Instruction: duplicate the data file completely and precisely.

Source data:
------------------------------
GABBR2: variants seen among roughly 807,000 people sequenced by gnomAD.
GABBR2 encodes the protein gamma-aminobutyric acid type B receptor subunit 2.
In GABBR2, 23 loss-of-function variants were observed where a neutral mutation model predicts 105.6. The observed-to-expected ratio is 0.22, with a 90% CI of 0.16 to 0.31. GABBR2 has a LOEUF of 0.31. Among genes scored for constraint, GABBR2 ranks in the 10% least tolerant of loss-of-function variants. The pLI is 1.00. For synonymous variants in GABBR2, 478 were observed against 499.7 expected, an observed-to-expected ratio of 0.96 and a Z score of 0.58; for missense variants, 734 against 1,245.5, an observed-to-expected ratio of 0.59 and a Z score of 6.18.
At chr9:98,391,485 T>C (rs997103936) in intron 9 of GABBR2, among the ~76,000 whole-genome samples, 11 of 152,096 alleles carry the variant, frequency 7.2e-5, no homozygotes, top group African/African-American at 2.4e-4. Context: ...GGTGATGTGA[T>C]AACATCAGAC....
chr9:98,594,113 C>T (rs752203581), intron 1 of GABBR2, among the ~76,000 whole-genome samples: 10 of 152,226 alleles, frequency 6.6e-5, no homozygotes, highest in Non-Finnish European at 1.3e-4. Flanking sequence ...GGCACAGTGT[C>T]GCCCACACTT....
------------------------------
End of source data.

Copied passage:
GABBR2: variants seen among roughly 807,000 people sequenced by gnomAD.
GABBR2 encodes the protein gamma-aminobutyric acid type B receptor subunit 2.
In GABBR2, 23 loss-of-function variants were observed where a neutral mutation model predicts 105.6. The observed-to-expected ratio is 0.22, with a 90% CI of 0.16 to 0.31. GABBR2 has a LOEUF of 0.31. Among genes scored for constraint, GABBR2 ranks in the 10% least tolerant of loss-of-function variants. The pLI is 1.00. For synonymous variants in GABBR2, 478 were observed against 499.7 expected, an observed-to-expected ratio of 0.96 and a Z score of 0.58; for missense variants, 734 against 1,245.5, an observed-to-expected ratio of 0.59 and a Z score of 6.18.
At chr9:98,391,485 T>C (rs997103936) in intron 9 of GABBR2, among the ~76,000 whole-genome samples, 11 of 152,096 alleles carry the variant, frequency 7.2e-5, no homozygotes, top group African/African-American at 2.4e-4. Context: ...GGTGATGTGA[T>C]AACATCAGAC....
chr9:98,594,113 C>T (rs752203581), intron 1 of GABBR2, among the ~76,000 whole-genome samples: 10 of 152,226 alleles, frequency 6.6e-5, no homozygotes, highest in Non-Finnish European at 1.3e-4. Flanking sequence ...GGCACAGTGT[C>T]GCCCACACTT....